Remind me then, why are we doing this?
[I got it! It’s a Ouija board, right?]
The fact that I believe Waverley West should never have been built is beside the point. It’s built now. So Waverley Westers absolutely deserve services and amenities like all other Winnipeggers.
Fair is fair.
But so do Spence residents. And Westwood residents. And St.Boniface residents. And everyone else.
So if there’s no money for Spence, then logically that should mean there’s no money for Waverley West either.
Fair is fair.
I wrote to you last week wondering why the most obvious budget line item, the one seeing record levels of investment, is seemingly off-limits for cuts. Especially since there are SO MANY possible infrastructure investments with a higher ROI, such as transit, trees, AT, and yes, recreation.
But we should also talk about the other elephant in the room that is seemingly off-limits: tax increases.
[Content warning: more facts ahead. Please place both hands on either sides of your head to prevent it from exploding.]
FACT: We have the LOWEST average municipal property tax out of 12 major Canadian cities.
FACT: We have the LOWEST expenditures per capita, meaning we deliver services on a shoestring relative to other cities… in other words, with relatively very little waste.
FACT: Even a 10% property tax increase would cost the average Winnipegger a mere $15 per month, but would raise over $60 million per year in revenue for the City. That’s revenue that could keep arenas, pools, community centres and libraries open in our neighbourhoods.
The City claims we’re in this mess because of 14 years of consecutive tax freezes. You and I know better of course. But even if that was the cause of all this, wouldn’t that make a tax increase the obvious logical solution?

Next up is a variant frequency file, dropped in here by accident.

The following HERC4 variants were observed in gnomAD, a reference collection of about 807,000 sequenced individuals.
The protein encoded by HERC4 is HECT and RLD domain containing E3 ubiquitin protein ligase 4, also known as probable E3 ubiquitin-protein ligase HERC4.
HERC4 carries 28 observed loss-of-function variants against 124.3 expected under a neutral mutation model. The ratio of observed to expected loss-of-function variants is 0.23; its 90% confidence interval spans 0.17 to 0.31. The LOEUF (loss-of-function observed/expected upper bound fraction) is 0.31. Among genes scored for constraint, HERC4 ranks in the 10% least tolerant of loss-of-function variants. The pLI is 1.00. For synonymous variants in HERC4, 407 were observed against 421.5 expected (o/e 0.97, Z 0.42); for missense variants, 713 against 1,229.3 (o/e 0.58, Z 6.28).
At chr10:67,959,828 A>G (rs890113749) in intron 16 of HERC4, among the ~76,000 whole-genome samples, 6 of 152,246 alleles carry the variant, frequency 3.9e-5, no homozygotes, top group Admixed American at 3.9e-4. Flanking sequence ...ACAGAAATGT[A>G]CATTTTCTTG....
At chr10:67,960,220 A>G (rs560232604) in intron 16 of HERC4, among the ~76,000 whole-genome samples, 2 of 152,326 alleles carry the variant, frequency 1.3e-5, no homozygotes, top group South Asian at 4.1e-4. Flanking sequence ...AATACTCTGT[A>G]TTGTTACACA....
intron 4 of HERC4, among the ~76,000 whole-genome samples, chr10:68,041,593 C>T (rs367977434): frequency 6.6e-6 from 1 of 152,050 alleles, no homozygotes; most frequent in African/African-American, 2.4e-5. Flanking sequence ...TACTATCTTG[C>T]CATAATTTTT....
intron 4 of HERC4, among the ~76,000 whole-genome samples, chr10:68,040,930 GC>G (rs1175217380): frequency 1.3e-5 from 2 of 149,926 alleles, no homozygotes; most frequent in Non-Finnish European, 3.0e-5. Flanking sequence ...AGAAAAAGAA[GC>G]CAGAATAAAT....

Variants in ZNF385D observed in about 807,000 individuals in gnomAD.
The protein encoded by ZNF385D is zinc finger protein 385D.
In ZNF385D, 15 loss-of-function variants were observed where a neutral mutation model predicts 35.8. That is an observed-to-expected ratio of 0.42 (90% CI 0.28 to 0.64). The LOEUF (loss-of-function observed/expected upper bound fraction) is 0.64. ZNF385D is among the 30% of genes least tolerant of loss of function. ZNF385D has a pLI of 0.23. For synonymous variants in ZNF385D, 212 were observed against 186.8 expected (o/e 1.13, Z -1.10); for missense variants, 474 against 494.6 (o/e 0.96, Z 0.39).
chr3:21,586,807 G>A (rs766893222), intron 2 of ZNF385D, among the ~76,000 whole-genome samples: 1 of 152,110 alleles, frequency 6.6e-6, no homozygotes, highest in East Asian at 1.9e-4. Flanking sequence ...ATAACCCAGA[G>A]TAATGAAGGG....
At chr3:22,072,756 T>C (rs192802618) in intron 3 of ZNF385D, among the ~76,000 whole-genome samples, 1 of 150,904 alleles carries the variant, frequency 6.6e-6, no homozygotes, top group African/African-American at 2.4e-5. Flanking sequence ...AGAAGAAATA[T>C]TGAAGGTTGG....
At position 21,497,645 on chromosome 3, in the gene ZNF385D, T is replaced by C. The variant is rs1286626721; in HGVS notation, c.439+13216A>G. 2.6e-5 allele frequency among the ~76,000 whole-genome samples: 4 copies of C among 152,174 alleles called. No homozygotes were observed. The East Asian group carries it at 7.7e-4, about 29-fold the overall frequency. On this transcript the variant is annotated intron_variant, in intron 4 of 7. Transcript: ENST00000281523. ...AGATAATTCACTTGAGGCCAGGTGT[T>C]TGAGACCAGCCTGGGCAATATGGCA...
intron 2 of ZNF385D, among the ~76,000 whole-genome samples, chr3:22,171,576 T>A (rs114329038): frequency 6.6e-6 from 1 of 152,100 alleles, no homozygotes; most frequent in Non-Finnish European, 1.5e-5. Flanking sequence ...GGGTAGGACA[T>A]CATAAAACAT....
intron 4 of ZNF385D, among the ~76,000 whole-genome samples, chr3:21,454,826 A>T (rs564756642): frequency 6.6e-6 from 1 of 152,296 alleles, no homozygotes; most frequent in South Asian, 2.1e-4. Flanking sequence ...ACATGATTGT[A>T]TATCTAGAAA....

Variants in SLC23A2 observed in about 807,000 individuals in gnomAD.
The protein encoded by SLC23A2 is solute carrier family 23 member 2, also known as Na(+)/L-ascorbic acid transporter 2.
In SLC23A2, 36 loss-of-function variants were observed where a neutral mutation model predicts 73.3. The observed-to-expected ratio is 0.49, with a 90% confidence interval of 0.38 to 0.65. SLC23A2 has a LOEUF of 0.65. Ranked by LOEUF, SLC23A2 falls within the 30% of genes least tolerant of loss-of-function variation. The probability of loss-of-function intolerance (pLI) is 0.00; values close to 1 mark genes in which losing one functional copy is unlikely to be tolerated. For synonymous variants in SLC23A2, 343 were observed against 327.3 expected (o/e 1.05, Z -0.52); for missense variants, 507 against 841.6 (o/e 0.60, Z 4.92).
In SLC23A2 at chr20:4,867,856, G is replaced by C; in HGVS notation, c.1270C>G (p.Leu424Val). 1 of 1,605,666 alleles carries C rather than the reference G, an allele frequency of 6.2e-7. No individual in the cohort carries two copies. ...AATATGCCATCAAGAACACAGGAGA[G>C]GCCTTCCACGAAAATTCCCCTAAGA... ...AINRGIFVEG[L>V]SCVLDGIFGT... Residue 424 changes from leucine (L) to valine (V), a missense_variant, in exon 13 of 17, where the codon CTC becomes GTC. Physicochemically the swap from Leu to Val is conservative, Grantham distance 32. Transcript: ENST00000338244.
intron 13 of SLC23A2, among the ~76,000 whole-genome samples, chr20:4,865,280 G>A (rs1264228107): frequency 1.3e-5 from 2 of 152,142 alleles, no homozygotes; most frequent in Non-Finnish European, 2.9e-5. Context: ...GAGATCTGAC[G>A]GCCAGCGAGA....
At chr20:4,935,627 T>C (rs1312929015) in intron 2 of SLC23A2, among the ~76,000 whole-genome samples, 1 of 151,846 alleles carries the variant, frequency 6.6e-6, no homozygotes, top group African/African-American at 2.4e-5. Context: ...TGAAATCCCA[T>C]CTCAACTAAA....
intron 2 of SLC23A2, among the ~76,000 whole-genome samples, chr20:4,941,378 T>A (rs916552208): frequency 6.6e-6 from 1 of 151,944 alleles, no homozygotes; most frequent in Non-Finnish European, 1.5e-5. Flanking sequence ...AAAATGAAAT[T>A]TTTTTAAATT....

And, if our taxes are the lowest in the country, and we’re not wasting much money, and a decently large increase would be relatively invisible to most Winnipeggers, why is this option not on the table?
I mean, unless this budget process is just a dog-and-pony show to make us feel like we had input, when the real decisions have already all been made…
[Nah. I’m probably just imagining crazy conspiracy theories now.]
Except, am I?
Here’s the Community Services Capital Budget presentation from last week that Winnipeggers been asked to give input on:
And then, after everyone’s chance to voice their opinion on the budget has passed, EPC is going to slip this new $71 million project into it. With no public input invited.
[How’s that for crazy conspiracy theories?]
I mean, unless Waverley West is secretly planning on separating from the rest of the City? And taking all the infrastructure with them!
It would be sad to see them go, since the people of WW are lovely.
Plus, maybe Sage Creek would think of going too?
[Kidding. Sort of.]
But seriously though, we can’t build this.
To me, it really looks like this was hidden from the budget process because it wouldn’t fly with the public to close facilities in older neighbourhoods, citing lack of money, all the while funding new ones in Waverley West to the tune of tens of millions of dollars, with almost all of it borrowed. All in the same budget.
In fact, this is so shady that when I tried to register to speak to this item at EPC’s meeting this coming Thursday, at first the City Clerks’ office wasn’t even sure if I was allowed to.
I know I usually keep things light around here. But this seems like a disgusting abuse of process, and it shows a complete disregard for the people of Winnipeg, many of whom have taken time off work, or have had to make various arrangements for child care, in order to participate in a budget process that they took to be in good faith.
Time to show some outrage.